This is a Flash-based video and may not be viewable on mobile devices.
The Flavorists. Morley Safer reports on the multibillion dollar flavor industry, whose scientists create natural and artificial flavorings that make your mouth water and keep you coming back for more. For transcript, see CBSNews.com
The Extraordinary Science of Addictive Junk Food
Canadian and American obesity statistics are now neck-to-neck, with about one-quarter to one third of adults in the obese category. A staggering two-thirds of Americans are overweight. This in turn drives skyrocketing diabetes rates. According to the latest report from the American Diabetes Association,3 an estimated 22.3 million people were living with type 1 or type 2 diabetes in 2012, up from 17.5 million in 2007. Last year 246,000 deaths were attributed to diabetes. The UK also recently released updated statistics, showing a record three million Britons are now diagnosed with diabetes,4 which equates to 4.6 percent of the British population. Another 850,000 Britons are believed to have undiagnosed Type 2 diabetes.
The total cost of diagnosed diabetes in the US last year was $245 billion, a whopping 41 percent increase from the $174 billion spent in 2007.5 Obesity also drives rising rates of heart disease, kidney failure, gout, and blindness, just to name a few associated health problems, all of which contribute to soaring health care costs.
So who or what is to blame? As it turns out, poor will power is NOT the heart of the matter.
According to Moss’ four-year long investigation, interviewing more than 300 people in or formerly employed by the processed-food industry, there’s a conscious effort on behalf of food manufacturers to get you hooked on foods that are convenient and inexpensive to make. I recommend reading the featured article in its entirety, as it offers a series of case studies that shed light on the extraordinary science and marketing tactics that make junk food so hard to resist.
Finding Your Bliss Point
Moss’ work also resulted in the book Salt Sugar Fat, in which he dissects the $1 trillion processed food industry. Sugar, salt and fat are the top three substances making processed foods so addictive. In a Time Magazine interview6 discussing his book, Moss says:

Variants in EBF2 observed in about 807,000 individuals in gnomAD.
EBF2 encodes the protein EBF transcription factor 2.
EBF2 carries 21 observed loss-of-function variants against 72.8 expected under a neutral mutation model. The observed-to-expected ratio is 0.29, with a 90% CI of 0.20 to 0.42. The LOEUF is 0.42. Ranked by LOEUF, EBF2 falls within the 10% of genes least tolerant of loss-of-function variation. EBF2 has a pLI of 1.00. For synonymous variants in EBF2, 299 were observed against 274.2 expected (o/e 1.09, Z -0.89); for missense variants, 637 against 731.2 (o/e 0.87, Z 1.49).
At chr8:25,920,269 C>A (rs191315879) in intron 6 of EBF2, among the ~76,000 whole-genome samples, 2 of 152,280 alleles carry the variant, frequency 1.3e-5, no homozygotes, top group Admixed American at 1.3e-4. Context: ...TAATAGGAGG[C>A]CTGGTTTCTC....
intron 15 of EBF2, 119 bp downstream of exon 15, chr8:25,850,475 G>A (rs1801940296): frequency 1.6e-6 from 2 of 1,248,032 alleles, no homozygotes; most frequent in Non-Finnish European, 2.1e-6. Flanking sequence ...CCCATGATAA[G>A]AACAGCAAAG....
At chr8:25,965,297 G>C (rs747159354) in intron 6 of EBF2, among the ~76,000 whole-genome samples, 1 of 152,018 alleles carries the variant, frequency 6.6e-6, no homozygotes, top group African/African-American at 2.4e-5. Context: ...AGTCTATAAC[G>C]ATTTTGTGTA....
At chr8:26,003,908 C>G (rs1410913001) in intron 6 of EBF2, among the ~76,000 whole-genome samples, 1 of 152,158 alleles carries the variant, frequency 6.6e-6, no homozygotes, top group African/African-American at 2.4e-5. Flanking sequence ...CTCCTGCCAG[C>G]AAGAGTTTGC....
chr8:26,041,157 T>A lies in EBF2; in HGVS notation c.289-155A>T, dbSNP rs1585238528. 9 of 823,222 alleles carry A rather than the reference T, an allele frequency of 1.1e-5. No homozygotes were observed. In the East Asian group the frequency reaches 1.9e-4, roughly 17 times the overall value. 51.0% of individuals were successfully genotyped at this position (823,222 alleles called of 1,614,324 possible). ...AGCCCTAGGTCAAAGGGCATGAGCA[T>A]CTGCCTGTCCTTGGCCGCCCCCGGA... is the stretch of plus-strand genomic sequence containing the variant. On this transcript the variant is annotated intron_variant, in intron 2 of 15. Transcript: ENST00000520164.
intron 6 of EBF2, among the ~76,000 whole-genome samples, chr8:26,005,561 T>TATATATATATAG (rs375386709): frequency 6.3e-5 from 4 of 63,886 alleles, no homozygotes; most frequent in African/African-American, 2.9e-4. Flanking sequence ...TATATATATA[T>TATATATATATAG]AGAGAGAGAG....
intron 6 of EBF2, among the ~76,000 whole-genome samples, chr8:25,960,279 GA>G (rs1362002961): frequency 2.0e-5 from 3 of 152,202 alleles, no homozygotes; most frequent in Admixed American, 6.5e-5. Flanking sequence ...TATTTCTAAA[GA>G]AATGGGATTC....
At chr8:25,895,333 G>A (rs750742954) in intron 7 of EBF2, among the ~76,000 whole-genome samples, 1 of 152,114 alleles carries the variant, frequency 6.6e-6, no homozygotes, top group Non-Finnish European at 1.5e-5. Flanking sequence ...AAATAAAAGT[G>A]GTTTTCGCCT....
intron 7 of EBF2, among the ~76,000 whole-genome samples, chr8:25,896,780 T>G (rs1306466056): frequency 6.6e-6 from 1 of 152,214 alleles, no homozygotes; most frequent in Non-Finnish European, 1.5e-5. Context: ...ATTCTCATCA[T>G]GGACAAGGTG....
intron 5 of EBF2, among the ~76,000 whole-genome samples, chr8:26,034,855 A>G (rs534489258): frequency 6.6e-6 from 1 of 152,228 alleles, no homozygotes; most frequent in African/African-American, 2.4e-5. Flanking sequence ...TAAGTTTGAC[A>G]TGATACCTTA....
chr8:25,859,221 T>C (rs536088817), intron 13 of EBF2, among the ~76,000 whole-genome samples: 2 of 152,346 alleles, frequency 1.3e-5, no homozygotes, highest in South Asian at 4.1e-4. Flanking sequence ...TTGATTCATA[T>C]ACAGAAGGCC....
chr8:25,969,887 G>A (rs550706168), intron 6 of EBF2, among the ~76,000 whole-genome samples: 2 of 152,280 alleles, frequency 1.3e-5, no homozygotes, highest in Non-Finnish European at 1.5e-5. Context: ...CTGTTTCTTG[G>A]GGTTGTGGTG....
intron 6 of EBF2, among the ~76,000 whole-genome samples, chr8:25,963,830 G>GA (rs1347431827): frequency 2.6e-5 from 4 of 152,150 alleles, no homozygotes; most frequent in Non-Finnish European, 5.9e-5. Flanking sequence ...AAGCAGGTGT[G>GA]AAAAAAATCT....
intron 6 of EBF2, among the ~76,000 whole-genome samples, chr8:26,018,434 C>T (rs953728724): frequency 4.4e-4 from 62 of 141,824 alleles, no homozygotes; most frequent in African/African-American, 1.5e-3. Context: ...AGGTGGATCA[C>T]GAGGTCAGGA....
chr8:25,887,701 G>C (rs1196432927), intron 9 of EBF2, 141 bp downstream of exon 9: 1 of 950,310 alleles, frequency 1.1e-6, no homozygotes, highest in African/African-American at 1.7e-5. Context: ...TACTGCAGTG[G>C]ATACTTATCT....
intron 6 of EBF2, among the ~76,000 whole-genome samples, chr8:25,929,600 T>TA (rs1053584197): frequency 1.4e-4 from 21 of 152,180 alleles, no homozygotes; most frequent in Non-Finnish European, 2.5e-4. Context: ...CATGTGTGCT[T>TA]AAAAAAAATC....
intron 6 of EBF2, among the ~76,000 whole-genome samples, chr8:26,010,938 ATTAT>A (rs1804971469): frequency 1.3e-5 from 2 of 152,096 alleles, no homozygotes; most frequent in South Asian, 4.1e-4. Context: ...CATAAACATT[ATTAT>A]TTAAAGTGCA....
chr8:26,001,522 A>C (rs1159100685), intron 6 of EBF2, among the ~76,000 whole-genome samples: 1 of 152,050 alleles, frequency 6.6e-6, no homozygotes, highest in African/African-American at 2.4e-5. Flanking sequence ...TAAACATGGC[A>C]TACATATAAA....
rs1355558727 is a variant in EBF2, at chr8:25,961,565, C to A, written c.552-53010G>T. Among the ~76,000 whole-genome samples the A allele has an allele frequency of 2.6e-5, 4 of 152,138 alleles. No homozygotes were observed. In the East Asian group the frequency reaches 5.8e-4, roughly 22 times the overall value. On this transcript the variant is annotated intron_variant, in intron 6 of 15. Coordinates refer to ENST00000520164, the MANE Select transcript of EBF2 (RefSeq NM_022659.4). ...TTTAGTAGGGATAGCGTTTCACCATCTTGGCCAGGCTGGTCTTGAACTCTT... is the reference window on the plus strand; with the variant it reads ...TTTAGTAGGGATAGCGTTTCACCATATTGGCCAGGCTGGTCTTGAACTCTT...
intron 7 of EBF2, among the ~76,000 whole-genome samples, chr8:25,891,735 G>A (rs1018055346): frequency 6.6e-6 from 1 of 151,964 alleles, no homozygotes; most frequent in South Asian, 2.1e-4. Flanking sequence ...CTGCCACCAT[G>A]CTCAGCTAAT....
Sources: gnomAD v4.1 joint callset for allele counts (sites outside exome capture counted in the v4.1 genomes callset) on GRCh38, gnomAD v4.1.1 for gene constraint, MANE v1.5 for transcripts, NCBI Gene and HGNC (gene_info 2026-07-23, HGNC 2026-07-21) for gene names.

“One of the things that really surprised me was how concerted and targeted the effort is by food companies to hit the magical formulation. Take sugar for example. The optimum amount of sugar in a product became known as the 'bliss point.' Food inventors and scientists spend a huge amount of time formulating the perfect amount of sugar that will send us over the moon, and send products flying off the shelves. It is the process they've engineered that struck me as really stunning.
When it came to fat, it was the amazing role of what the industry calls the 'mouth feel.' That's the warm, gooey taste of cheese, or the bite into a crisp fried chicken that you get. It rushes right to the same pleasure centers of the brain that sugar does...
When it comes to salt, what was really staggering to me is that the industry itself is totally hooked on salt. It is this miracle ingredient that solves all of their problems. There is the flavor burst to the salt itself, but it also serves as a preservative so foods can stay on the shelves for months. It also masks a lot of the off-notes in flavors that are inherent to processed foods.”
One of the guiding principles for the processed food industry is known as “sensory-specific satiety.” Moss describes this as “the tendency for big, distinct flavors to overwhelm your brain, which responds by depressing your desire to have more.” The greatest successes, whether beverages or foods, owe their “craveability” to complex formulas that pique your taste buds just enough, without overwhelming them, thereby overriding your brain’s inclination to say “enough.”